In this present age of the aggrandized state, we forget the carnage wrought upon innocent people by government. While we correctly recoil in horror at the murders of Jews and others by Nazi Germany or the atrocities of a Stalin, Mao, or Pol Pot, Americans also need to look in the mirror. The people of this country have sanctioned their own versions of state-sponsored murder. These include the extermination of the American Indians, the terror firebombings of Dresden and Tokyo in World War II, and our wanton killing of civilians in Vietnam, Iraq, and Serbia. In that last unfortunate land, American bombers laid waste to churches, hospitals, bridges, and marketplaces, all in the name of attacking "military" targets that turned out to have almost no military value.
Following World War II, Americans and their European allies imprisoned or hanged numerous Germans and Japanese who were declared guilty of "war crimes." However, none of the Allies faced similar charges despite the fact that folks on "our side" also committed moral outrages against innocent people. Two generations later, the political classes tell us that we can slaughter the unborn and call it choice. Unborn children are no more human in the eyes of our political masters than the children of Tokyo, Hiroshima, or My Lai.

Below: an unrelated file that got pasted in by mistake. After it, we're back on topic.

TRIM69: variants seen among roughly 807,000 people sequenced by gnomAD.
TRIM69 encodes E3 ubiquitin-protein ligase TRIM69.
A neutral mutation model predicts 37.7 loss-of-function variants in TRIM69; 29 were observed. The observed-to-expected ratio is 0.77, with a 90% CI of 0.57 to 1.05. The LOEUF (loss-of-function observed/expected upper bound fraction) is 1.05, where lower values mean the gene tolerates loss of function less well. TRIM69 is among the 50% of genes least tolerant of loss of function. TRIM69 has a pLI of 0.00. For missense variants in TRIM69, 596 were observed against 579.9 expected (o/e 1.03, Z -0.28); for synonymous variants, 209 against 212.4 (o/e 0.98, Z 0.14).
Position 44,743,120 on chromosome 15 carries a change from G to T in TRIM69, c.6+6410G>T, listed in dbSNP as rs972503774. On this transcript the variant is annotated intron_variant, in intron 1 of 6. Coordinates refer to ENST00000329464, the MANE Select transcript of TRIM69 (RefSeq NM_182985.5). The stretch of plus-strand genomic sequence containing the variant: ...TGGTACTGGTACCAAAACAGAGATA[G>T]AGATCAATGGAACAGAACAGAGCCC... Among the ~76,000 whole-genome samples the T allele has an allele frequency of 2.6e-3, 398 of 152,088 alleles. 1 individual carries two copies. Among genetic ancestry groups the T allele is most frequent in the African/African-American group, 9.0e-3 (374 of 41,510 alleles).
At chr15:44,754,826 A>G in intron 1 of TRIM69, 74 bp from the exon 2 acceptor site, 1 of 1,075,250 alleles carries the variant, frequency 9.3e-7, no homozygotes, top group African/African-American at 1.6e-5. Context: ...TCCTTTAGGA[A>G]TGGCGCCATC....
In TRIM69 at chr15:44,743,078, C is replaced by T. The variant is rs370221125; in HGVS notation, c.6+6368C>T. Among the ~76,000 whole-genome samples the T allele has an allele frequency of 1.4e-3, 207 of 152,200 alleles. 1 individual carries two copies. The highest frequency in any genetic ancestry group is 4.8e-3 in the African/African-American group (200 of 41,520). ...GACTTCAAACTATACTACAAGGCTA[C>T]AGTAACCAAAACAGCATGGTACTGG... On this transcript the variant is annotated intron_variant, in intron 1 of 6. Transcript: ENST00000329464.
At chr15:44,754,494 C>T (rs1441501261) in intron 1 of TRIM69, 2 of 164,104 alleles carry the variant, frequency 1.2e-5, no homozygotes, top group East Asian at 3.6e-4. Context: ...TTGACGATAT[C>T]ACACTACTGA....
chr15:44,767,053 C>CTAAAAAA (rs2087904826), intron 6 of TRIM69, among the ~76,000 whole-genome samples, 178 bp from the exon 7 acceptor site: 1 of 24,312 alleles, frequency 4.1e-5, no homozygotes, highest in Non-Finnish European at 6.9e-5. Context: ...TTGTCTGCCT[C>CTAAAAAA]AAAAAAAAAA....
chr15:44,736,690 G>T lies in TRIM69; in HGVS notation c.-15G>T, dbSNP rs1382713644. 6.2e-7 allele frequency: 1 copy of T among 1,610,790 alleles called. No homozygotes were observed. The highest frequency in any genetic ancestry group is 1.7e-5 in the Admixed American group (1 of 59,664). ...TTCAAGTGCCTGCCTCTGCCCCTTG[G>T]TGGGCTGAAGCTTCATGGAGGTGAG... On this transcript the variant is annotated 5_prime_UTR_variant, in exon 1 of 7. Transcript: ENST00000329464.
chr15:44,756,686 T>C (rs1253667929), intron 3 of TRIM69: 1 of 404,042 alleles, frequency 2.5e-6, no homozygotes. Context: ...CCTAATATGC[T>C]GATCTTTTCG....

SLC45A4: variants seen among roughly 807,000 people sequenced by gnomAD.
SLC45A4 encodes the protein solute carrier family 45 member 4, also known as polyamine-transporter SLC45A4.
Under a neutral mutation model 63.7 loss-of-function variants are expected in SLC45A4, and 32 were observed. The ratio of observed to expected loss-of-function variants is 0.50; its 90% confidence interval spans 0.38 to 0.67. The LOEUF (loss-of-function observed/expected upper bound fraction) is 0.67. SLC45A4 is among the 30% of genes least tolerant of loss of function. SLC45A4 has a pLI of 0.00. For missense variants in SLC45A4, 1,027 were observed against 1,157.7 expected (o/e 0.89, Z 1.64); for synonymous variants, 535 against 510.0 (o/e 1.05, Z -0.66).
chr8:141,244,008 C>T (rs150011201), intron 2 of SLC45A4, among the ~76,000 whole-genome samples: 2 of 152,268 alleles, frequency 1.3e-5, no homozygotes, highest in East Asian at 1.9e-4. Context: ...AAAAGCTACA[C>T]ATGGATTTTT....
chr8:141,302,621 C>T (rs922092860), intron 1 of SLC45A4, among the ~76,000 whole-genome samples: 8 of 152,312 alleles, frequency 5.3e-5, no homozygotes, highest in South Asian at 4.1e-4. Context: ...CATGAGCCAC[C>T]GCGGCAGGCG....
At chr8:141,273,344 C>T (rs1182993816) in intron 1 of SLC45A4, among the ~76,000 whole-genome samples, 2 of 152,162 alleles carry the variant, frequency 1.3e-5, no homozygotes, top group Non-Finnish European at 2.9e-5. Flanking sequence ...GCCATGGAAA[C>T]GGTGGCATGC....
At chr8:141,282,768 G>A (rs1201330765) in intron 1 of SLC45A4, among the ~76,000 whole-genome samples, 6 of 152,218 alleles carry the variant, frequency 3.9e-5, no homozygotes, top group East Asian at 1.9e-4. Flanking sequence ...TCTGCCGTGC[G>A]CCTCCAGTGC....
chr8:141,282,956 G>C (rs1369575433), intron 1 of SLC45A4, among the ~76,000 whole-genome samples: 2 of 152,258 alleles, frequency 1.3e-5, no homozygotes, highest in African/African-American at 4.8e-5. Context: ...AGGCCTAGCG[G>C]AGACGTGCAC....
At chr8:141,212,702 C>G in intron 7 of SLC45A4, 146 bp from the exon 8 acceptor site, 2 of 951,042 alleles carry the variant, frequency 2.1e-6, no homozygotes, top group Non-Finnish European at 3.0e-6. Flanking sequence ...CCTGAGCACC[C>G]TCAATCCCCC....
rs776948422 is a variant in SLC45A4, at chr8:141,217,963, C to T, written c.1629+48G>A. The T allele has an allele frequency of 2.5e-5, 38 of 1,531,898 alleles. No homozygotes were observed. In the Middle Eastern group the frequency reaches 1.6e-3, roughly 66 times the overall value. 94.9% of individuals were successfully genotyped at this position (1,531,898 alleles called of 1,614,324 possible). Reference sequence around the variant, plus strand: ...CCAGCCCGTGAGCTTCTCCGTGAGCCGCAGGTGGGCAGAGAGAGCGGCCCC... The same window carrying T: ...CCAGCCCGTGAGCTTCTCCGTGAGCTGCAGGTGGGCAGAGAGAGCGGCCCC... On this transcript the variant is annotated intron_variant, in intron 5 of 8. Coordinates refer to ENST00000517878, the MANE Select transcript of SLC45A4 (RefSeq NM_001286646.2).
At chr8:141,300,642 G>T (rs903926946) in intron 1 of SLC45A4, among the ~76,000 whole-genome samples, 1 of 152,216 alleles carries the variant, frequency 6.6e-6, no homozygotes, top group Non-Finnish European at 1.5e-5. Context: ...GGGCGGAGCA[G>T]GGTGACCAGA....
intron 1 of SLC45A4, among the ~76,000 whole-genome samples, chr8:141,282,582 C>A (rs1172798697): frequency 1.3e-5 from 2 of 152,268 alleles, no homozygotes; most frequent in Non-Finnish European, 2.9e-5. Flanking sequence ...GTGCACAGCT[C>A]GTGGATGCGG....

Besides the callous response of the political classes to the extermination of more than a million lives a year through abortion, I also tire of hearing folks like Al Gore tell us that it is a matter "between a woman and her doctor." This is sophistry at its most devious. Women usually have abortions in clinics, not in the friendly confines of the offices of their personal doctors.
Instead, abortionists travel from clinic to clinic to perform abortions on women they most likely will not see again. That abortions are warm, fuzzy acts of privacy "between a woman and her doctor" is no more the truth than Gore's claim that he invented the Internet. Even though Hollywood depicts the abortionist as a caring and sympathetic character (see "Cider House Rules," for example), the reality is much different, as many women who have had abortions will attest.
In the end, we are treated to yet another 1984 spectacle in which "War is Peace, Slavery is Freedom, and Ignorance is Strength." Choice becomes a buzzword for killing, and the cold, impersonal act of abortion becomes a sanctified, caring act performed by the loving and warm abortionist. If Gore is to endorse these acts of killing, let him be honest about it, and not hide from the truth using language that is deceptive at best and diabolical at worst.
October 5, 2000
William L. Anderson, Ph.D., is assistant professor of economics at North Greenville College in Tigerville, South Carolina. He is an adjunct scholar of the Ludwig von Mises Institute.